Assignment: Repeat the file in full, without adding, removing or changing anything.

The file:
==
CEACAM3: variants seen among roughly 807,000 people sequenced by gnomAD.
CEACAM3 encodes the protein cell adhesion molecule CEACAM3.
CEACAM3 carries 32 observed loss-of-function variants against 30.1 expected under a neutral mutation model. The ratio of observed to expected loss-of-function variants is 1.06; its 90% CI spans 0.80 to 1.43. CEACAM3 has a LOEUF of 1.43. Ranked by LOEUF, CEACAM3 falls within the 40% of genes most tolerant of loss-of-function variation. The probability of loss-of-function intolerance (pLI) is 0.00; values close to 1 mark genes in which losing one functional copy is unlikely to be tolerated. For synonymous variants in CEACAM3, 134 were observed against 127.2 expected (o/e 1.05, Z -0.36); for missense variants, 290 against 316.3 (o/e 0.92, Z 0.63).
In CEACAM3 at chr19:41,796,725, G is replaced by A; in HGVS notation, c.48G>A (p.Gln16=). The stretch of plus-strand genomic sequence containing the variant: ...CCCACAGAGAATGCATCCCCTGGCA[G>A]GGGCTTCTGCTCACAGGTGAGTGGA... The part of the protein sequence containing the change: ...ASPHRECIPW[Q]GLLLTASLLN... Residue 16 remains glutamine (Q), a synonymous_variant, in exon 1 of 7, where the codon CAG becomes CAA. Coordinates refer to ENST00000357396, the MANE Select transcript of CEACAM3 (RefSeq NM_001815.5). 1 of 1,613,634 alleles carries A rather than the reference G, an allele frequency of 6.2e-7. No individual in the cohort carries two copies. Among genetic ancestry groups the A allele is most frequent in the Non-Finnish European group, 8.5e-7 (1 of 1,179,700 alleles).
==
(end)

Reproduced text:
CEACAM3: variants seen among roughly 807,000 people sequenced by gnomAD.
CEACAM3 encodes the protein cell adhesion molecule CEACAM3.
CEACAM3 carries 32 observed loss-of-function variants against 30.1 expected under a neutral mutation model. The ratio of observed to expected loss-of-function variants is 1.06; its 90% CI spans 0.80 to 1.43. CEACAM3 has a LOEUF of 1.43. Ranked by LOEUF, CEACAM3 falls within the 40% of genes most tolerant of loss-of-function variation. The probability of loss-of-function intolerance (pLI) is 0.00; values close to 1 mark genes in which losing one functional copy is unlikely to be tolerated. For synonymous variants in CEACAM3, 134 were observed against 127.2 expected (o/e 1.05, Z -0.36); for missense variants, 290 against 316.3 (o/e 0.92, Z 0.63).
In CEACAM3 at chr19:41,796,725, G is replaced by A; in HGVS notation, c.48G>A (p.Gln16=). The stretch of plus-strand genomic sequence containing the variant: ...CCCACAGAGAATGCATCCCCTGGCA[G>A]GGGCTTCTGCTCACAGGTGAGTGGA... The part of the protein sequence containing the change: ...ASPHRECIPW[Q]GLLLTASLLN... Residue 16 remains glutamine (Q), a synonymous_variant, in exon 1 of 7, where the codon CAG becomes CAA. Coordinates refer to ENST00000357396, the MANE Select transcript of CEACAM3 (RefSeq NM_001815.5). 1 of 1,613,634 alleles carries A rather than the reference G, an allele frequency of 6.2e-7. No individual in the cohort carries two copies. Among genetic ancestry groups the A allele is most frequent in the Non-Finnish European group, 8.5e-7 (1 of 1,179,700 alleles).